The Digital Power Station Series is well priced, and provides better filtering than most any 'audiophile' products. The Elite series with power factor correction are better than any other conditioners I have tried, and they are a fraction of the cost of my 'audiophile' references.
What does the referenced unit cost at retail?
Well, I guess what you get with a Furman is a bunch of engineers that have spent ten plus years figuring out how to improve power for pro applications using a bunch of professional measuring kit, so I have a bit of faith in their products. Plus they seem to have ears, because they are the only non-high-end compnay that clearly states that their products take 200 hours to burn-in and sound their best.
The prices for the non-balanced conditioners are really good compared to high-end pricing. Retail for the Elite 15PF is $579, The Elite 20PF is $995. The power stations are $150 to $250.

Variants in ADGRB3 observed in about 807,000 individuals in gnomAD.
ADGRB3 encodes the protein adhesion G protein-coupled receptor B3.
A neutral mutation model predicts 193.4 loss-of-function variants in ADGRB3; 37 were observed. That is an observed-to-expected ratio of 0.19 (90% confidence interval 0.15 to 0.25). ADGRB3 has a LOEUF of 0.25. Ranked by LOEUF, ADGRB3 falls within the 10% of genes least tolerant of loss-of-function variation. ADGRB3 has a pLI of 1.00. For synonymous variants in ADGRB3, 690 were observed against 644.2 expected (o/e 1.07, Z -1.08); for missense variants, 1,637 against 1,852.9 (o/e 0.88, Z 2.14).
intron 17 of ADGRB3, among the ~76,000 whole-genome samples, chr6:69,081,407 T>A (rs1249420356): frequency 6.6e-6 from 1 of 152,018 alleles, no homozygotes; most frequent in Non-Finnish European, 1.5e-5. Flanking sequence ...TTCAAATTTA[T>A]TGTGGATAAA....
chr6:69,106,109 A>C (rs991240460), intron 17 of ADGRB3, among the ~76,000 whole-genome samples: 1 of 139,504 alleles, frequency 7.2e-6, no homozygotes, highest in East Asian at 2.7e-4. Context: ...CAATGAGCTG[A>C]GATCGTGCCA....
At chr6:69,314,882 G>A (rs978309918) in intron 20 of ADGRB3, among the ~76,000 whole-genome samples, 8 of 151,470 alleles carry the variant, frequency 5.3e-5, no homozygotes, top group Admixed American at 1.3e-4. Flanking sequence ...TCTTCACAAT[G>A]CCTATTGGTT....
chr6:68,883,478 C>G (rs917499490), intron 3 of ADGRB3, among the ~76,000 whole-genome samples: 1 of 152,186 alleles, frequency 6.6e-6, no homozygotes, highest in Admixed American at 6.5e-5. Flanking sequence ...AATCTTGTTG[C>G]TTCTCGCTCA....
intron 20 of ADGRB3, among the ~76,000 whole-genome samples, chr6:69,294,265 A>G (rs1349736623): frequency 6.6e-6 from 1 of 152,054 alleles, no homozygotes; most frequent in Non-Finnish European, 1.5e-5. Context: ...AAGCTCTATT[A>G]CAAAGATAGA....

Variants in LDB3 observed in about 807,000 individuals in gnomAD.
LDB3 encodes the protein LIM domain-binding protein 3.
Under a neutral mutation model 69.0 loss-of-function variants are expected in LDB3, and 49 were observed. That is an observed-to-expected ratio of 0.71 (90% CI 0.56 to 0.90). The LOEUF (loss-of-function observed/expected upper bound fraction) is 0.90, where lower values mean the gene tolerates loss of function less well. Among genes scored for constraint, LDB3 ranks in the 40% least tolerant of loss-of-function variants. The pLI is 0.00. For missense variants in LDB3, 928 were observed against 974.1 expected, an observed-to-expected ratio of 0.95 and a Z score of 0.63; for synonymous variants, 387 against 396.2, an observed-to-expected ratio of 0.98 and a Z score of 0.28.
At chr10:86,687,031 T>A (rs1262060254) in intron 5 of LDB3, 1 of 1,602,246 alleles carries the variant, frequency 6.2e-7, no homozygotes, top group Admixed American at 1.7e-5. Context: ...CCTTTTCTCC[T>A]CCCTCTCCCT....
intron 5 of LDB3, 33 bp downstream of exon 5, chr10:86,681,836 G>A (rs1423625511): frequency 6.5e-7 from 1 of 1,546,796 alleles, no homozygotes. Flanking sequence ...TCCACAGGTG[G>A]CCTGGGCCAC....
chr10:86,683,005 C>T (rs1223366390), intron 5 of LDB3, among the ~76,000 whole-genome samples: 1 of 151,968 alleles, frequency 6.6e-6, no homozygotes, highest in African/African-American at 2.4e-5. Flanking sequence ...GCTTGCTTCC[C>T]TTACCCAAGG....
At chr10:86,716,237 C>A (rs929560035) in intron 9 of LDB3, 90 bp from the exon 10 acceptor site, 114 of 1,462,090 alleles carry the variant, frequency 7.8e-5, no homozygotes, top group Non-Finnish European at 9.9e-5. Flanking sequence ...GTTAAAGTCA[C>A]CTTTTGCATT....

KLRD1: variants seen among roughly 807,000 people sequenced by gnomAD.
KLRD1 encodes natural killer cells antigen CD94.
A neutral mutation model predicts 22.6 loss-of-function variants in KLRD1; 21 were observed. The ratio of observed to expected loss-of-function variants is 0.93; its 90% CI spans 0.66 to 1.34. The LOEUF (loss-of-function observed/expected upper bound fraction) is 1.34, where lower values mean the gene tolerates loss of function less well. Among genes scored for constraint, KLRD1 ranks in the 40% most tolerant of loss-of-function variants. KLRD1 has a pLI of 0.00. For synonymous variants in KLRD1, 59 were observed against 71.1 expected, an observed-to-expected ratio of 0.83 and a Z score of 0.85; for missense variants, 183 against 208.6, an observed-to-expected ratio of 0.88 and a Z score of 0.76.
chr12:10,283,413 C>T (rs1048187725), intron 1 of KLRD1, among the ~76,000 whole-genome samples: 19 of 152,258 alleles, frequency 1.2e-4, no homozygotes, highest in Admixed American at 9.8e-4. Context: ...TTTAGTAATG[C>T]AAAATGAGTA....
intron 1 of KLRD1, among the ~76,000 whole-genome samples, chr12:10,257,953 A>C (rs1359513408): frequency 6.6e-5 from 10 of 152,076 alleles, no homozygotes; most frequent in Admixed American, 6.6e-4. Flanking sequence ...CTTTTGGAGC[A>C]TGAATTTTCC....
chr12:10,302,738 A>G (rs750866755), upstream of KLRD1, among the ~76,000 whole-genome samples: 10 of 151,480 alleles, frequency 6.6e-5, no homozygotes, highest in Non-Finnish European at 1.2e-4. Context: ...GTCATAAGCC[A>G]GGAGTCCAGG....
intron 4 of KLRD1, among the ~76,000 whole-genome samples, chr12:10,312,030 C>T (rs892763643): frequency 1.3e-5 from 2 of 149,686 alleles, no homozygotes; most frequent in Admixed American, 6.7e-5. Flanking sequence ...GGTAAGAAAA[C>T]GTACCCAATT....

u hv great system. i went the Kondo route and love my sound too. but got voltage fluctuation. 113 to 119 in an evening. can we exchange some experience?
See u hv a Sound Application unit. Did you ever try his Reference line?
Or the Accuphase, which hideously expensive? Really like to know what others compared Furman to....... This takes so long to compare everything..., doesn't it?
I relly like the Sound Applications. I have a Reference Line Stage, and it is indeed my reference. I am trying the Furman IT Reference 20, and it's the best conditioner I have tried, betting the Sound Applications. However, I don't care for the balanced power outlets. It has four outlets that bypass the balanced power transformer and that perform basically as the IT Reference 20 PF, so I think I will get the Furman Elite 20PF.